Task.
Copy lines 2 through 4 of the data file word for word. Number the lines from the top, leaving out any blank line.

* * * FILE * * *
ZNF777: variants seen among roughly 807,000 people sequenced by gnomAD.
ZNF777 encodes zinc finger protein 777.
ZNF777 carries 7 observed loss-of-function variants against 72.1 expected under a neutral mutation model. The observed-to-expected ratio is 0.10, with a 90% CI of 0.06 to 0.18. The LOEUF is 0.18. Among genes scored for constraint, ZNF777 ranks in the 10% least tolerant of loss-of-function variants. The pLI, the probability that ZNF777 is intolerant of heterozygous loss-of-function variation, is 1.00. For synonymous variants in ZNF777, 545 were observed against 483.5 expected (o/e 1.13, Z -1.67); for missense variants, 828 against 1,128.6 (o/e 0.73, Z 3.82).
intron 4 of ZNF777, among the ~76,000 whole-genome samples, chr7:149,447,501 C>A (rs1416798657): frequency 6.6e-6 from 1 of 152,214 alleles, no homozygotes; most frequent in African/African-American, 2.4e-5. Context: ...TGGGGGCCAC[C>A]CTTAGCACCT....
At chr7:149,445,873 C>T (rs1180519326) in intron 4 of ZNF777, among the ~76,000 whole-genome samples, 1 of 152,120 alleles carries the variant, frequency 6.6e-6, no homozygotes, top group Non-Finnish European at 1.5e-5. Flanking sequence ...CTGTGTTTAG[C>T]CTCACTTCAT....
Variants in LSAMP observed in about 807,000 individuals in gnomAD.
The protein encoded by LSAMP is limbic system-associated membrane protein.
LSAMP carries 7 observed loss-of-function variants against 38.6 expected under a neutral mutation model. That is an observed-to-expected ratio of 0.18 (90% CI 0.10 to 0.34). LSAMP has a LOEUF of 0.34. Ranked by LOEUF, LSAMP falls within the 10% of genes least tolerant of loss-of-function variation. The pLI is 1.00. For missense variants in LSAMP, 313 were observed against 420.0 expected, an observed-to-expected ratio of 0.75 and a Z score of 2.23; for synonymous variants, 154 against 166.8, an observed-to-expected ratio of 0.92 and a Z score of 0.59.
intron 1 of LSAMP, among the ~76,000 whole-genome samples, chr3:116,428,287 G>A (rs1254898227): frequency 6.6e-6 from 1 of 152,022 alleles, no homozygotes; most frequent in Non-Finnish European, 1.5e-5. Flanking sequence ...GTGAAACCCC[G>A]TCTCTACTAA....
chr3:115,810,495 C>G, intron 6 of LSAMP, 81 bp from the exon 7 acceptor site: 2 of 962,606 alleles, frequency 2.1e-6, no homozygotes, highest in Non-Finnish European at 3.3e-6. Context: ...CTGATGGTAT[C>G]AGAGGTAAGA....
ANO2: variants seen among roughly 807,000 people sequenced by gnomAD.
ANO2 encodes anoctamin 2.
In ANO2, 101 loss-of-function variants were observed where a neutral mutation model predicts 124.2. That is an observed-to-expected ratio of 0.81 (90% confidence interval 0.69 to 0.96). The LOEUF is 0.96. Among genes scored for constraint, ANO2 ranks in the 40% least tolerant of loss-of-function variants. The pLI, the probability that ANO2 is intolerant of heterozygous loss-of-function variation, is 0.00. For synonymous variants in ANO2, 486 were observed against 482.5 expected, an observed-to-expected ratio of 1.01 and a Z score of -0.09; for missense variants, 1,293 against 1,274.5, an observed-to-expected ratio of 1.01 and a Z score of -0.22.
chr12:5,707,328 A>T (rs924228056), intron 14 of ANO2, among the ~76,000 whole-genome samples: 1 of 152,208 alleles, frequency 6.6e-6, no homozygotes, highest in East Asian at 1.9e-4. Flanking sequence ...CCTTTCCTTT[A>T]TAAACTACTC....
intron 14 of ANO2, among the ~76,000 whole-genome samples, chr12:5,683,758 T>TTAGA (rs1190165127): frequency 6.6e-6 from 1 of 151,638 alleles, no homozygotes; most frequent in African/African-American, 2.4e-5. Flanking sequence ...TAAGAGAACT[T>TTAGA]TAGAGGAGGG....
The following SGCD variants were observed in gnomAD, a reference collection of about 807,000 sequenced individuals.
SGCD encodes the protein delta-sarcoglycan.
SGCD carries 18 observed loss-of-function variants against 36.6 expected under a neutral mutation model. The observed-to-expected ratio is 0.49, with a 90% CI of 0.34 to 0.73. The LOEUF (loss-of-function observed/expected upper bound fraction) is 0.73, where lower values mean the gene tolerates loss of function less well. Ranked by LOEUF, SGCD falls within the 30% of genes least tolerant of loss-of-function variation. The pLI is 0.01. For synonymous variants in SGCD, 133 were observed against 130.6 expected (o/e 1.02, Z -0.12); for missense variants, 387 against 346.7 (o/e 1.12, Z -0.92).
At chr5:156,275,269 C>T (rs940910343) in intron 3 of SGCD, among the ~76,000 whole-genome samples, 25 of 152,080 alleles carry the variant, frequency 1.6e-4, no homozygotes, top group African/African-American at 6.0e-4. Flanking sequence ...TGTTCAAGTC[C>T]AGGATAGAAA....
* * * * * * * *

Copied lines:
ZNF777 encodes zinc finger protein 777.
ZNF777 carries 7 observed loss-of-function variants against 72.1 expected under a neutral mutation model. The observed-to-expected ratio is 0.10, with a 90% CI of 0.06 to 0.18. The LOEUF is 0.18. Among genes scored for constraint, ZNF777 ranks in the 10% least tolerant of loss-of-function variants. The pLI, the probability that ZNF777 is intolerant of heterozygous loss-of-function variation, is 1.00. For synonymous variants in ZNF777, 545 were observed against 483.5 expected (o/e 1.13, Z -1.67); for missense variants, 828 against 1,128.6 (o/e 0.73, Z 3.82).
intron 4 of ZNF777, among the ~76,000 whole-genome samples, chr7:149,447,501 C>A (rs1416798657): frequency 6.6e-6 from 1 of 152,214 alleles, no homozygotes; most frequent in African/African-American, 2.4e-5. Context: ...TGGGGGCCAC[C>A]CTTAGCACCT....